Brace The Cold With Barleywine 

Wines in name only.

Brace the Cold With Barleywine

Barleywines are wines in name only, though the alcohol levels approach those of fermented grapes. These brews are always bold--making them a great choice to brace against the cold, damp weather--and they can display a wide and complex range of flavors. Some lean toward sweet malt, while others amp up the hops. Most also age well, with flavors that evolve in the bottle after a few years.

2013 Alaskan Barley Wine Ale, $7.49-$9.49, 22 ounce

This brew pours a ruby-hued, bright ebony with a single finger, mocha head that shows good retention. The aromas are a complex mix of sweet cherry fruit, toffee, vanilla extract, light hops and bourbon-flavored bonbons. Where hops drive the other two beers, this is a malt-dominant style, with creamy fruit flavors, caramel and sweet citrus and a kiss of bitterness at the end.

2013 Oakshire Brewing Barleywine Style Ale, $6.49-$7.99, 22 ounce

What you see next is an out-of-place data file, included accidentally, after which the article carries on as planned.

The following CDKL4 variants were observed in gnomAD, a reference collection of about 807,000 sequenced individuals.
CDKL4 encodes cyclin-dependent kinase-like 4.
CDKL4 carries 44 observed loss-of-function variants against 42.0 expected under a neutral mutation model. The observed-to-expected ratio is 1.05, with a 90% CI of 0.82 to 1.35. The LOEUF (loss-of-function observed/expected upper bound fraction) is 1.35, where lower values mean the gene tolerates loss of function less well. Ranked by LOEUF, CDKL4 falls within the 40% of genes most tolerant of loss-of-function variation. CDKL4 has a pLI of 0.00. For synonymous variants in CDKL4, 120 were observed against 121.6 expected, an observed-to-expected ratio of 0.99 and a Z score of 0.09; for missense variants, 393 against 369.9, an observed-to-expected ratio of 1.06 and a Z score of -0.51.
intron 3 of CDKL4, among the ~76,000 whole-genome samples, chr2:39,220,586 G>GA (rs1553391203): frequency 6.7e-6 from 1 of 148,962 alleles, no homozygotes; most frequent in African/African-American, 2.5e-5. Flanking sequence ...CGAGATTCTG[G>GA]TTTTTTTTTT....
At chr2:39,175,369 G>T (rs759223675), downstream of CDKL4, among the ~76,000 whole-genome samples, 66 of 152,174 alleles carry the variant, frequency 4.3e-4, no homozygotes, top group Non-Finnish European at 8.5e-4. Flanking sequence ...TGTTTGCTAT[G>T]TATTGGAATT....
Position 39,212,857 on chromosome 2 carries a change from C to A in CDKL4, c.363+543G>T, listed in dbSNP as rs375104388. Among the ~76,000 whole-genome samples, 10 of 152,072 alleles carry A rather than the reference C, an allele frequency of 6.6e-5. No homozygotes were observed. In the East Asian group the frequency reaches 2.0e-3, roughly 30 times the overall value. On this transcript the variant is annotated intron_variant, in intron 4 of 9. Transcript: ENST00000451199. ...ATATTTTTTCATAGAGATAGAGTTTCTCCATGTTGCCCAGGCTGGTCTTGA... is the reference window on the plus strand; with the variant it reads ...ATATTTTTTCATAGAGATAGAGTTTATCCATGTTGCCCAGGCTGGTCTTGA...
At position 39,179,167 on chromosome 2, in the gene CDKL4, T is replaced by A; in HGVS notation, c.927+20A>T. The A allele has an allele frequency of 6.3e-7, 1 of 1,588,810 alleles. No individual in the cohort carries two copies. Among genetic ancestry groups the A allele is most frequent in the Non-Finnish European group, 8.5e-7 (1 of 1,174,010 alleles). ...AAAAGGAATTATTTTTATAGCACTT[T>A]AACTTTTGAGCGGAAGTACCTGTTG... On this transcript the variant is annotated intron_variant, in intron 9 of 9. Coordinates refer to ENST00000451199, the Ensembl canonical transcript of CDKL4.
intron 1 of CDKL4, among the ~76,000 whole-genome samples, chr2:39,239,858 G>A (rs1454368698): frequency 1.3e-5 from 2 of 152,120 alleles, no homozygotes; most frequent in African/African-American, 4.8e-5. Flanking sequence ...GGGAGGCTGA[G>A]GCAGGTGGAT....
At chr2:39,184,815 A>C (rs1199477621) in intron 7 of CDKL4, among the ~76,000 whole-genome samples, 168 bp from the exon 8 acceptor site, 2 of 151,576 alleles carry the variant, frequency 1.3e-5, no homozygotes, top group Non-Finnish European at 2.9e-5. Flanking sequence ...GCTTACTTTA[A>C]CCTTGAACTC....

In the glass, this beer is a muted amber with a thin tan head that fades quickly. The nose is a mix of grainy hops and soft malt, with touches of peach and citrus. This brew weighs in at 10.1 percent alcohol and you can taste the heat, especially on the finish. Lightly sweet malt and toffee flavors give way to big, bitter hops. I'll revisit this Eugene, Ore., brew a few months from now, as it really needs time to come together.

2014 Sierra Nevada Bigfoot Barleywine Style Ale, $2.29-$2.99, 12 ounce

The aromas on this beer alternate between spruce-tinged hops and sweet malt. That combo carries through on the palate, along with fruit and subtle chocolate. One big swig will remind you that barleywines are meant to be sipped. Guzzle it and the hops turn overly aggressive; sip it and the hops meld nicely with the caramel-laced malt. This brew should age beautifully.

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